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Re: Suicide and Christian Universalism

Postby stuartd » Wed Sep 21, 2011 5:47 am

it goes without saying that the likes of suicide bombers are on the opposite end of the spectrum for me ! that being said I once posted a vid. on facebook of a young ''Palestinian'' [there's a modern myth] who was on the Israeli boarder with a vest full of tnt
I remember looking at the intensity of his anguish it was almost unbearable and feeling for him [not the evil men who sent him and had brainwashed him all his life ] the look almost said ''what the heck I live in a world of horror and pain I may as well end it all''
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Re: Suicide and Christian Universalism

Postby WE ARE ALL BROTHERS » Wed Sep 21, 2011 3:58 pm

stuartd wrote:it goes without saying that the likes of suicide bombers are on the opposite end of the spectrum for me ! that being said I once posted a vid. on facebook of a young ''Palestinian'' [there's a modern myth] who was on the Israeli boarder with a vest full of tnt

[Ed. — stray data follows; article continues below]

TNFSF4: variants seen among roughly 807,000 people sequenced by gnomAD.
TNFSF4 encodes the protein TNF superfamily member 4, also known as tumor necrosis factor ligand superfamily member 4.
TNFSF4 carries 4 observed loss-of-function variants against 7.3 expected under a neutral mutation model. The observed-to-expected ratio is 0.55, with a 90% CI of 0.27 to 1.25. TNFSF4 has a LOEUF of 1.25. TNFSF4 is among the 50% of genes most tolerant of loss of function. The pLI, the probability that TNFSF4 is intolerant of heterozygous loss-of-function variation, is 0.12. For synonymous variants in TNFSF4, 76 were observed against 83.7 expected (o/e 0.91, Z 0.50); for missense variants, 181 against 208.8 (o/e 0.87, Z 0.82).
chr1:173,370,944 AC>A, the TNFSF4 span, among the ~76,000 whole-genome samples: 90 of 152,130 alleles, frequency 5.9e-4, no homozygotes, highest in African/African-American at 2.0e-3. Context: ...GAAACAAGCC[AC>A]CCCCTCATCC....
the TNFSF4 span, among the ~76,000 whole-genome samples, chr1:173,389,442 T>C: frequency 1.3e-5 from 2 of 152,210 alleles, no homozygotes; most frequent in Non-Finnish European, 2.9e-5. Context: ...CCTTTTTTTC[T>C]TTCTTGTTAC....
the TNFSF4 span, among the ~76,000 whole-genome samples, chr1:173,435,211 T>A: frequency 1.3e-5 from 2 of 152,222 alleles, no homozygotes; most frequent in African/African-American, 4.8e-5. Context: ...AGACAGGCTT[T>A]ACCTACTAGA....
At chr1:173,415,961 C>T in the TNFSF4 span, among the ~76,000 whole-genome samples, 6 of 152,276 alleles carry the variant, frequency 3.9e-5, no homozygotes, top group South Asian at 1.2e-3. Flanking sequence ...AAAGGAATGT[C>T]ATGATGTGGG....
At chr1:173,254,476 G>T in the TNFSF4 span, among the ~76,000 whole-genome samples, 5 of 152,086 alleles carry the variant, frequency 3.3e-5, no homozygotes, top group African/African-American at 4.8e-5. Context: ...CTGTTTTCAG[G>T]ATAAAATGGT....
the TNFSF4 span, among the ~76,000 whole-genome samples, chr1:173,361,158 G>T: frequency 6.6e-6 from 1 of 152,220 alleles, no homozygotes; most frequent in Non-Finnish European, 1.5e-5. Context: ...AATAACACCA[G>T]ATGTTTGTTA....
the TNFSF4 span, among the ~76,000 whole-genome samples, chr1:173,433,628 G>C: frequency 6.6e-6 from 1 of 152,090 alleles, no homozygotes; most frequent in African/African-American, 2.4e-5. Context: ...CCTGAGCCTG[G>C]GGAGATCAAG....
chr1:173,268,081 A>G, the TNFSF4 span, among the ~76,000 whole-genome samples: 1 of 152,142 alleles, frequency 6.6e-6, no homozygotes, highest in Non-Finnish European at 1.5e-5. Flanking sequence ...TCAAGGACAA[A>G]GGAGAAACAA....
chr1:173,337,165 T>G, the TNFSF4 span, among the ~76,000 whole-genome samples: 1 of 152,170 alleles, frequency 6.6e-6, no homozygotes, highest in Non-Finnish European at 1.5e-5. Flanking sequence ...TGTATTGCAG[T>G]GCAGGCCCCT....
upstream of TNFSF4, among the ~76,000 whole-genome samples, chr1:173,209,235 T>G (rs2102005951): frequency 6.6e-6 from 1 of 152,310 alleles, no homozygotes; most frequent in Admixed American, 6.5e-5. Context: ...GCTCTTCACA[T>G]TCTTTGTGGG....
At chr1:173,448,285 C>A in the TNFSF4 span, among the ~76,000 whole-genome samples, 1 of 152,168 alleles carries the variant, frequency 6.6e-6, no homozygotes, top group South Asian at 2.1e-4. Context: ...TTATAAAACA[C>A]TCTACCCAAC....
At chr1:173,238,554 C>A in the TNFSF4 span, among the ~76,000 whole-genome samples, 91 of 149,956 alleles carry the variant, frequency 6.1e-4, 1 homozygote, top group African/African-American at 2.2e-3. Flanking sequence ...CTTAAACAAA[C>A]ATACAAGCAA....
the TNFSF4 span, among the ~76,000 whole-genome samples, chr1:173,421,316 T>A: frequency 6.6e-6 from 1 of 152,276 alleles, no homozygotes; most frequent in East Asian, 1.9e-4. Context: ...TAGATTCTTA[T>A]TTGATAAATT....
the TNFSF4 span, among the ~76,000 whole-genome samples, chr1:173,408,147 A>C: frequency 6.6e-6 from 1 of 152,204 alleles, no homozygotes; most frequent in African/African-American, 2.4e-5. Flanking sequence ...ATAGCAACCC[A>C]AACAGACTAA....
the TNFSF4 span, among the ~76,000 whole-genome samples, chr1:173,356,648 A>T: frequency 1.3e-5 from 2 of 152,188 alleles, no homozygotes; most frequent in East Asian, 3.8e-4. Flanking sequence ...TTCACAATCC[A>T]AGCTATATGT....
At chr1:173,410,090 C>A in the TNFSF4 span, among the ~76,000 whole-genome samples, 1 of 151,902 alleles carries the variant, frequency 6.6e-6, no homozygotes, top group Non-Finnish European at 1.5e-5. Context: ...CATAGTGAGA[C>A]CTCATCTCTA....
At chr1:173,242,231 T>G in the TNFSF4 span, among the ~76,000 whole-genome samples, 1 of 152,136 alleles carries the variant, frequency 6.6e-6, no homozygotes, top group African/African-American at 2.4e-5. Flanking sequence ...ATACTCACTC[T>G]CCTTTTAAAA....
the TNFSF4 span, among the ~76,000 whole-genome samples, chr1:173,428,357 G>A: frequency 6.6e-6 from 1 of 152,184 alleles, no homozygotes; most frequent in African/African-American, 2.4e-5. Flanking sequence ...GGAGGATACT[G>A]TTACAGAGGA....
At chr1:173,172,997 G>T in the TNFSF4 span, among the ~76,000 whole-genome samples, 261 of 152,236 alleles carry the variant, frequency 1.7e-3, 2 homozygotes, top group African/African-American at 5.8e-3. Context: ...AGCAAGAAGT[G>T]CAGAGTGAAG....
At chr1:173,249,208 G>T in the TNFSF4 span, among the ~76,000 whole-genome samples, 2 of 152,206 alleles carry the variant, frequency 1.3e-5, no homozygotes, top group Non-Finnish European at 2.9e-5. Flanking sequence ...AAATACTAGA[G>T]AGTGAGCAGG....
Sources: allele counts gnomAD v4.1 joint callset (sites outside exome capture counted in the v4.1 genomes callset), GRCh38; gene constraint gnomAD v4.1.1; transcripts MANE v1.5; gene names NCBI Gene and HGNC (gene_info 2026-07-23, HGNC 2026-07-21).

I remember looking at the intensity of his anguish it was almost unbearable and feeling for him [not the evil men who sent him and had brainwashed him all his life ] the look almost said ''what the heck I live in a world of horror and pain I may as well end it all''

What's the modern myth?
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Re: Suicide and Christian Universalism

Postby stuartd » Thu Sep 22, 2011 4:22 am

''palestine'' it doesn't exist
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Re: Suicide and Christian Universalism

Postby WE ARE ALL BROTHERS » Thu Sep 22, 2011 5:44 am

stuartd wrote:''palestine'' it doesn't exist

That is true -- but then, there does remain some part of it? The West Bank and the Gaza strip are still mostly Palestinian :cry:
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Re: Suicide and Christian Universalism

Postby corpselight » Thu Sep 22, 2011 6:06 am

modern myths are so dull.
back in the olden times, they had PROPER myths, with pegasi, dragons, giants, centaurs and mermaids!
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Re: Suicide and Christian Universalism

Postby stuartd » Sat Sep 24, 2011 5:06 pm

corpselight wrote:modern myths are so dull.